On-line or in-person?
Crafting together continues one way or another!
If there is one thing I am learning in all if this- adaptability is the key to my emotional resilience… making plans, changing them, then letting go and changing them again- all with grace and ease is the game of the day.
I still catch myself occasionally expecting to just go out the door to solve a problem, then realize I need to make an appointment to go in that shop, put in an online order, then wait until it is my turn to be served.
But- Is it possible I am a kinder person now then I was 3 months ago?
I certainly expect way less of myself and the world around me.
My patience is much higher, my awareness that others are struggling with daily challenges is heightened – everything goes through an internal filter now , and all of it so far for me has come out classed as a “champagne problem” in the grand scheme of things… the missed dental, doctor appointments and delayed eye exam- were those life and death?
No, so no worries!
I hope I can hold this new perspective forward as we move into out next phase of life returning to (a new) normal. And, I hope for you, that your filter is also saying “champagne problem” and your own challenges have not been heightened to horrible stresses in the scale of life or death.
For EartHand- all my beautiful plans were tossed out the window, my day-timer has never been such chicken scratch! Can you relate?
I am actually enjoying just planning one week at a time- looking ahead no more then a few weeks, because… who knows?
Less planning based on where I THINK the garden season will be at from experience, and more following both what the gardens and other opportunities tell me to do in the moment- and making stuff on the spot as offerings to share.
So with that, new opportunities for you to learn and explore on your own- with online support!
I wish you well and look forward to seeing you again- in person or online.
with best wishes,
Super excited to have Amy go virtual on demonstrating felting on May 21st- check it out here
Weave Along Online Tutorial:
Sharon has created a weave along page to help get thru various steps to making a water bottle carrier and Karen Barnaby provided inspiring recipes for cold soups to fill those jars. Check it out here
Bonus! You can purchase a Gleaner’s Weaver Kit (while supplies last!)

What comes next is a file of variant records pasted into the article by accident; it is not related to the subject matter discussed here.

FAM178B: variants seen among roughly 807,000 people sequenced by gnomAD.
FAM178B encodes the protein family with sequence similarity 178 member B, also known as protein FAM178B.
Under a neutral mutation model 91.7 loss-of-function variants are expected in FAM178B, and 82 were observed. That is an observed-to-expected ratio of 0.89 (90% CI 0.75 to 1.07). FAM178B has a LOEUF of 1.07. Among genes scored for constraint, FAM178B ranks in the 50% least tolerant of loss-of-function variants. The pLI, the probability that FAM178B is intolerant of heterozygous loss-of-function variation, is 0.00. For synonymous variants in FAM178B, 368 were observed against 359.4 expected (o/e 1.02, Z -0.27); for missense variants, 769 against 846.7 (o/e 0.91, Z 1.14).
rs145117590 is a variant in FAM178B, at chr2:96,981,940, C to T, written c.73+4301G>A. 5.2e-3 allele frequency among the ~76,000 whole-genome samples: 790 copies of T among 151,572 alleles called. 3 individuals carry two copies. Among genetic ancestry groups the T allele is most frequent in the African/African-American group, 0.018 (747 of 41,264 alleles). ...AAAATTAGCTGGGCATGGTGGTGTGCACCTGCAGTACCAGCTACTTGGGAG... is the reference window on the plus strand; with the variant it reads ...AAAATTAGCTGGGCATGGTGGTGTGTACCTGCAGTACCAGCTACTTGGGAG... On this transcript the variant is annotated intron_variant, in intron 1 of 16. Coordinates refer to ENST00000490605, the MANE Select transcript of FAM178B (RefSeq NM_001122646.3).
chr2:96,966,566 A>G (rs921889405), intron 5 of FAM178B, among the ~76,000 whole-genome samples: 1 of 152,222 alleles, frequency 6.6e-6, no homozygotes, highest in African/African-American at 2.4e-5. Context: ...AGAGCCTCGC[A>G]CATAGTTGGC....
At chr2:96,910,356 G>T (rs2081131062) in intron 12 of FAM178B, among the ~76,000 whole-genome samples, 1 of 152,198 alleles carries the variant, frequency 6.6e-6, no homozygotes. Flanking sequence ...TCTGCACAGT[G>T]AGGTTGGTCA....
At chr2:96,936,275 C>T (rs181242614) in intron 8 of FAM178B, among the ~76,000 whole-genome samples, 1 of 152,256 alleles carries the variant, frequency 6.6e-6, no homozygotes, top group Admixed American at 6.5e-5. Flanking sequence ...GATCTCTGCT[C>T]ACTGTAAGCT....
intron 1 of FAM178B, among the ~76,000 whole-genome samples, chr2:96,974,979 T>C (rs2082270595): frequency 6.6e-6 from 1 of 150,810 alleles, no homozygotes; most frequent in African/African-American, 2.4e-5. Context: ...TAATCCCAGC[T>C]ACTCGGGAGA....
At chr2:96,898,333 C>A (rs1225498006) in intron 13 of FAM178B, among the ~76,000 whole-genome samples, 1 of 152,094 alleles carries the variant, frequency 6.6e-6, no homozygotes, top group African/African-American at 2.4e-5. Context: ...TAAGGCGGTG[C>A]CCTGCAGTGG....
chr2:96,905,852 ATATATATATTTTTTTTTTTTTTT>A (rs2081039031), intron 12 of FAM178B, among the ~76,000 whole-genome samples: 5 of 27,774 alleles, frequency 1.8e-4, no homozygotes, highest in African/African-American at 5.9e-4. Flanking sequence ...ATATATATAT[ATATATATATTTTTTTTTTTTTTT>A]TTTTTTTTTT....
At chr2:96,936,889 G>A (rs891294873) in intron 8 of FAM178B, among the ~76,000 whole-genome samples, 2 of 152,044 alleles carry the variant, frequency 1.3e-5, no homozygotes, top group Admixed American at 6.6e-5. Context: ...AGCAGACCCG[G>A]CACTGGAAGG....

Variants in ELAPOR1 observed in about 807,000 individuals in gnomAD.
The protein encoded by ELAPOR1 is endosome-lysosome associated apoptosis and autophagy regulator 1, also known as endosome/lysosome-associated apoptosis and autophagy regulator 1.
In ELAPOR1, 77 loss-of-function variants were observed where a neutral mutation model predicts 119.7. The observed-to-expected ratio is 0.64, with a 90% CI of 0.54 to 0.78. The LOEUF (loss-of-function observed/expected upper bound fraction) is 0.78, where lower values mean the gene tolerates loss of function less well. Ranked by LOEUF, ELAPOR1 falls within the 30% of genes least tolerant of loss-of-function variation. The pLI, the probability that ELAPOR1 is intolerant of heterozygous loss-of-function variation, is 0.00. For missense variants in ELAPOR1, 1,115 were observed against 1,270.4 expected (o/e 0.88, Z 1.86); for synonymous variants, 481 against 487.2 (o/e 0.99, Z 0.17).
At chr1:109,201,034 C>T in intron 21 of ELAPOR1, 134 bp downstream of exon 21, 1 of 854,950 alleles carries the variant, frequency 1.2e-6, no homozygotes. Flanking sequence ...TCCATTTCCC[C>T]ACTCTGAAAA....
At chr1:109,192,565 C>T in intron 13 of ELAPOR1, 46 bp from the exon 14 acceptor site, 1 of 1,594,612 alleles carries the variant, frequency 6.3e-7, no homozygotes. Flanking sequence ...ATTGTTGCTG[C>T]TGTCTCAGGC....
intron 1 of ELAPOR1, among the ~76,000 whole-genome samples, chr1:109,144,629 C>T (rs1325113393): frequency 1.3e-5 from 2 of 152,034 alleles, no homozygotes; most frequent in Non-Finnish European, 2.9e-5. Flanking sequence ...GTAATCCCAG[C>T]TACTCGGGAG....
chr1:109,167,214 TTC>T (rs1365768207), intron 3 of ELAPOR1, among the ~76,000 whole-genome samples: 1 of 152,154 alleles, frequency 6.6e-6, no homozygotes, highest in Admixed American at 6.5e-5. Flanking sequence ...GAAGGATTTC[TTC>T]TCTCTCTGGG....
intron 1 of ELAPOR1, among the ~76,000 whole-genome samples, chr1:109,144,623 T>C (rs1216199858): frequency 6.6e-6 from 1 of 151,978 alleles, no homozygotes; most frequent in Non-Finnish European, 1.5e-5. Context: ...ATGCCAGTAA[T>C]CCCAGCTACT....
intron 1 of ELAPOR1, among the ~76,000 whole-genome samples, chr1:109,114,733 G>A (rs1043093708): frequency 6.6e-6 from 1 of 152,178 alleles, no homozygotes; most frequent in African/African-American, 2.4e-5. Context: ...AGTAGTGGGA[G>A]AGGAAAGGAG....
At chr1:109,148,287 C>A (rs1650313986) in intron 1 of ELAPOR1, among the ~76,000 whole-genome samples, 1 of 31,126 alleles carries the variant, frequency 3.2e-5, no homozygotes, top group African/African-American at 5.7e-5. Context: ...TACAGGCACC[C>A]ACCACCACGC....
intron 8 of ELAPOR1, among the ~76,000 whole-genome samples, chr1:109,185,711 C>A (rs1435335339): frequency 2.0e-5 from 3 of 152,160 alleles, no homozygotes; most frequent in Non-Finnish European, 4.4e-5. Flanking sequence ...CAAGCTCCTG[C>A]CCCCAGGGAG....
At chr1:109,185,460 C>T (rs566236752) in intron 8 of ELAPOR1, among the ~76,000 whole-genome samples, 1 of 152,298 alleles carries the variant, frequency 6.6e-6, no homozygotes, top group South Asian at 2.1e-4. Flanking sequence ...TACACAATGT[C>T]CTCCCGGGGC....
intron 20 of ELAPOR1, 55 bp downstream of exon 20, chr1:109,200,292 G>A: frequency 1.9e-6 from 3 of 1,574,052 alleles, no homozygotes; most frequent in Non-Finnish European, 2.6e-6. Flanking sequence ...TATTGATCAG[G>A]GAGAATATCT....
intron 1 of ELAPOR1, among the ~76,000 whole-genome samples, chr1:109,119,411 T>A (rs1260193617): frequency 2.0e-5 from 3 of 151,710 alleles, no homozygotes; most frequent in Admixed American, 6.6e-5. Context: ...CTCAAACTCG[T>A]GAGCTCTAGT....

for $25 and 1 future stewardship credit. Purchase here
Kit includes 35-40 yucca blades, 6 pineapple tops and several 4-5 ft canes of thick willow ready for bark stripping. Pick up your bundle at Trillium- Monday between 10am and 12noon May 18 or by arrangement.
BIRDS < BIRDS < BIRDS!
Sara Ross created some beautiful content for us to share online since we couldn’t be with her in the garden. She has shared some background about bird language and the practice of having a sit spot to develop a connection to nature and awareness of seasonal changes. Take a look at this website post and see the links to the youtube videos and more.
- Trillium and Means of Production Garden both have perfect spots for selecting as sit spots with good perching rocks situated throughout- the gardens are beautiful right now and visiting is encouraged! Sharon and David have been maintaining the gardens and keeping view points more open then ever to assure ease of spotting others and maintaining social distance while on site- read the garden stories below for musing from Sharon on time in the garden right now.
Did you know, you can be gathering dandelion stems from long grasses after seeds are produced, spent daffodil stalks and false or dead nettle stalks? All of these plants are in high number now, and chances are you find them in places people won’t mind you harvesting- ask neighbours about their daffodils! Just cut stems as long as possible and hang to dry until they wither, then they will be ready for soft basketry weaving projects with a quick soak and wrap in a wet towel.
We hope we will be returning to small group stewardship sessions in later June, and should know more from Park Board soon!
Stories of the Gardens:
Both MOP and Trillium are really at their best this time of year- iris, lupine and centuria abound at either site. And best of all, the new growth greens everything up, revealing “new” view corridors. The green is not so overgrown right now to hide the beautiful sculptural bones from cropping and shaping as we tend the plants thru seasonal harvests.
Spending so much time with David alone in the garden this spring has really brought home that perhaps the MOP garden and hillside is our legacy. This spring we have really taken on big projects; David has done in a day what we talked about for 10 years- he leveled the terrain at one of the lower fruit crop rows making it so easy to navigate, and the crop is now a raised bed!
I have been working on extending pathways, opening up beds and weaving new fences- there is also what we call, “the beach” a fantastic new raised area between hazel and and willow, a platform for now until it is ready to plant. Seriously, go to Means of Production- you will be amazed at what is happening!